US gives Israel 'tacit approval' for war

"The spectre of war is clouding Gaza's sky. This time, however, the US president Barack Obama looks like he has already given the Israelis a green light to act against Hamas," wrote Satea Noureddine in a lead article in the Lebanese newspaper Al Safeer.

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"The spectre of war is clouding Gaza's sky. And the general atmosphere is akin to the one preceding last year's assault on the Strip. This time, however, the US president Barack Obama looks like he has already given the Israelis a green light to act against Hamas," wrote Satea Noureddine in a lead article in the Lebanese newspaper Al Safeer. Mr Obama has exhausted his efforts to convince the Israeli prime minister Benjamin Nethanyahu to resume negotiations. Last week, he told foreign ministers from Jordan and Egypt that reviving peace talks should start with direct talks with Israel because they share the same concern: Hamas and its control of the Gaza Strip.The US rejection of Arab requests for a solution was so uncouth that Mr Nethanyahu considered it as an implicit permission to wage war. He immediately ordered his army to standby readiness.

A strike against Gaza would have a wide effect on the prisoner exchange deal, the position of the Islamic movement and its relations with the Palestinian Authority, as well as on Arab and regional attitude towards the situation in the Strip. "It may also change the course of the Palestinian cause and the balance of power in the region, including the increasing role of Iran in the Palestinian-Israeli conflict."

"There are two major views on how to handle the war on terror in western countries," observed Abdul Rahman al Rashed in a comment article for the London-based newspaper Al Sharq al Awsat. "One, motivated  by security concerns, believes in continuous prosecution of suspects as a means to prevent terrorists from operating on their territories. According to the second view, the war on terror should be a sustained action aimed at winning the trust of Muslims by involving them in fighting terrorism and drying up its  sources."

Members of the second group have succeeded largely in the last three years in changing many of the taboos, including easing visa regulations, co-operating with Islamic centres and allowing thousands of Muslim students to study in US universities.  The last decade should have taught everyone that the West and the Muslim world were not caught up in a religious war as al Qa'eda has targeted both Muslims and non-Muslims. Moreover, the number of Muslims killed outnumbers westerners. Security authorities in Muslim countries have also contributed enormously to the war on terror by providing strategic information that has saved the West from many imminent terrorist operations.  "Today we are faced with an ideological war that should be addressed ideologically. This is no less important than tracking down terrorists."

"During the  economic boom, Jordanian companies raised capital through public and private subscription. The aim was to get as much liquidity as possible to sustain growth. Now with the recession and the losses that followed, are they going to reduce their capital?" asked Issam Qadhmani in an opinion piece for the Jordanian daily Al Rai.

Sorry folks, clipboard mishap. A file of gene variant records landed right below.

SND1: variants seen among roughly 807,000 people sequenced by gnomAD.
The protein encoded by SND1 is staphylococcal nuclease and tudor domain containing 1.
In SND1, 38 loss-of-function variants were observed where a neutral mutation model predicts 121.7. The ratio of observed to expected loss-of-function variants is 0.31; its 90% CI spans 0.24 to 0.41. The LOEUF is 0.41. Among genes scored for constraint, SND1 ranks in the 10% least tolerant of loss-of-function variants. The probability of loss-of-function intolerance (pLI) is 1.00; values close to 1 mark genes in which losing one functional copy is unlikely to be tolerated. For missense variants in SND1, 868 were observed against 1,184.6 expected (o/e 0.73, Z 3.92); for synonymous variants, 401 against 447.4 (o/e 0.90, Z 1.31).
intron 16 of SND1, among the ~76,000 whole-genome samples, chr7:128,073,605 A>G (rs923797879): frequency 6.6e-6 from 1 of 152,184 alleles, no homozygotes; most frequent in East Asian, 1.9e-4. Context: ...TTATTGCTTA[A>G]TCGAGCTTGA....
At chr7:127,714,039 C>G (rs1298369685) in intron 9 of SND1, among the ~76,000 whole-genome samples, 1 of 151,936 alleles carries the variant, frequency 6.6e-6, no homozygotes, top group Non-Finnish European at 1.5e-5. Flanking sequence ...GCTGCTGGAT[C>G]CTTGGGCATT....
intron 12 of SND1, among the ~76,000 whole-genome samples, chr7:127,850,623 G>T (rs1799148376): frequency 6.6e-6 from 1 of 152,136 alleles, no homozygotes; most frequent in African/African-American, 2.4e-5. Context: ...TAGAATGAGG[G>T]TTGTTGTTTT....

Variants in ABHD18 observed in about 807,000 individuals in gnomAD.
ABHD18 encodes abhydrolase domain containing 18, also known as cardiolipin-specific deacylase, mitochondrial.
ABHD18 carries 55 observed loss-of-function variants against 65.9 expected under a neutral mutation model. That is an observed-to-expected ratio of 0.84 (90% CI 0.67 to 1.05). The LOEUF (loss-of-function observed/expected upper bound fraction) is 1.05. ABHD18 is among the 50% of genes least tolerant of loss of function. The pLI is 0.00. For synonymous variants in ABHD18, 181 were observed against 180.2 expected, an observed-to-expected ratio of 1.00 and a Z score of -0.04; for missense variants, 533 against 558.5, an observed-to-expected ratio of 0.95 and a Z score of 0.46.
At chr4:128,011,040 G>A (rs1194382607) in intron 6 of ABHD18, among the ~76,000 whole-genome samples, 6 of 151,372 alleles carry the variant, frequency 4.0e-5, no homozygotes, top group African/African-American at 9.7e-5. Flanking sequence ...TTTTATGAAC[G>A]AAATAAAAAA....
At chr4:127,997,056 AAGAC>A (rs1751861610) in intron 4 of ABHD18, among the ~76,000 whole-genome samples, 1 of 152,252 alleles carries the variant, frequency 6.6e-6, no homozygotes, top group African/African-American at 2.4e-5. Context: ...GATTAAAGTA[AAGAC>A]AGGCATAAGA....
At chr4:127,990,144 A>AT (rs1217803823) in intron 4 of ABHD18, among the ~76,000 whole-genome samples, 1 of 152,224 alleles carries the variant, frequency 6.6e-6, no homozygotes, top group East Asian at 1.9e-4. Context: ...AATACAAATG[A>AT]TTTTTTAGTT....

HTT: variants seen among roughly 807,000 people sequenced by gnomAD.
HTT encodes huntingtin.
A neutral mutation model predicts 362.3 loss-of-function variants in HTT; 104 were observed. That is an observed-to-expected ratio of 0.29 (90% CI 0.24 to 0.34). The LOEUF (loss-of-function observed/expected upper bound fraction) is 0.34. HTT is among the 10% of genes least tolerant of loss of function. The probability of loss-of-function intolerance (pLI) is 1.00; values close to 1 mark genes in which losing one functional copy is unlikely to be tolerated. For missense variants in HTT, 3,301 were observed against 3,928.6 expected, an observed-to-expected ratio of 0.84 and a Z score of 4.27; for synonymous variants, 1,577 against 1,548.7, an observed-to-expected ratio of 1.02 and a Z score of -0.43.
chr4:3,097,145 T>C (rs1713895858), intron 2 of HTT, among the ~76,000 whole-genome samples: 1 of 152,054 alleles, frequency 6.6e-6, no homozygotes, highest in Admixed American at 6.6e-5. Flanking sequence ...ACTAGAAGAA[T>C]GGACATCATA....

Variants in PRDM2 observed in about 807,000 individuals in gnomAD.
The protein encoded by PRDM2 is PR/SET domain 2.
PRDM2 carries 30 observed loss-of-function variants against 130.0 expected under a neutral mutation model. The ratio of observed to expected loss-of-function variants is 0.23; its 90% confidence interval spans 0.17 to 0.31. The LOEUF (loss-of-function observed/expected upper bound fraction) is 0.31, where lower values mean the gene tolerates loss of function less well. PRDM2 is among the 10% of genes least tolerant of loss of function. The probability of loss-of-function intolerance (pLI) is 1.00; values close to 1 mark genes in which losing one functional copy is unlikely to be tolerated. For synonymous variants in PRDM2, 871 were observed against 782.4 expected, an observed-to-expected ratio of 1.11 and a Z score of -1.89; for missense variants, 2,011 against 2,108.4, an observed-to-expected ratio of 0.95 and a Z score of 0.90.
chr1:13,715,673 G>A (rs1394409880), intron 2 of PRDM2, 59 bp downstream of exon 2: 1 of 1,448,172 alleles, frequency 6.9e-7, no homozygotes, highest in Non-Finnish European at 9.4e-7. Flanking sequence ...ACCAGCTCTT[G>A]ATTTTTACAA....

These companies, in fact, exaggerated their estimates when they went into a frenzy looking for more cash. Any attempt now, however, to cut the size of their monetary assets could harm the companies first, then their shareholders, and ultimately the whole national economy.   During prosperous times, some companies moved away from their main core business and heavily invested in equities. They became financial portfolios, which led them into trouble when the stock market dropped in value. Now there is a need to control the behaviour of companies. There is also a need to hold shareholders accountable and make them responsible too. "We saw them happily ignoring all irregularities and risks undertaken by their companies when they were making a profit. But as soon as losses began, they started complaining. To  pull these companies out from their  crisis, they need not only review their plans, but also assess their total assets and review their investment policies on a performance basis."

"In an unprecedented manner, the situation in Yemen is under the spotlight these days because of security, political and social crises that will become worse if no action is taken," remarked the UAE newspaper Al Khaleej. "We  are holding  our breath because of what is going on in Yemen, a reminder of the chaos in such countries as Pakistan, Somalia, Iraq and Afghanistan after the US interfered in their security issues. It is as if Washington is aiming to turn entire countries into laboratories at the expense of their stability."

There is a fear that Yemen may be drawn into a chaotic situation. But so far the Yemeni government has done the correct thing by rejecting any American interference in its internal affairs. Yet rejection of US intervention should be followed by tangible action to block any such attempts in the future.  While Yemen is under serious threat, Arabs seem oblivious of the extent of the crises that that country is undergoing. "It is time to take a decision in order to overcome these hard times. Opting for a political and peaceful approach, such as national dialogue, could help Yemen maintain its unity and avoid falling into the trap of chaos."

* Digest compiled by Mostapha Elmouloudi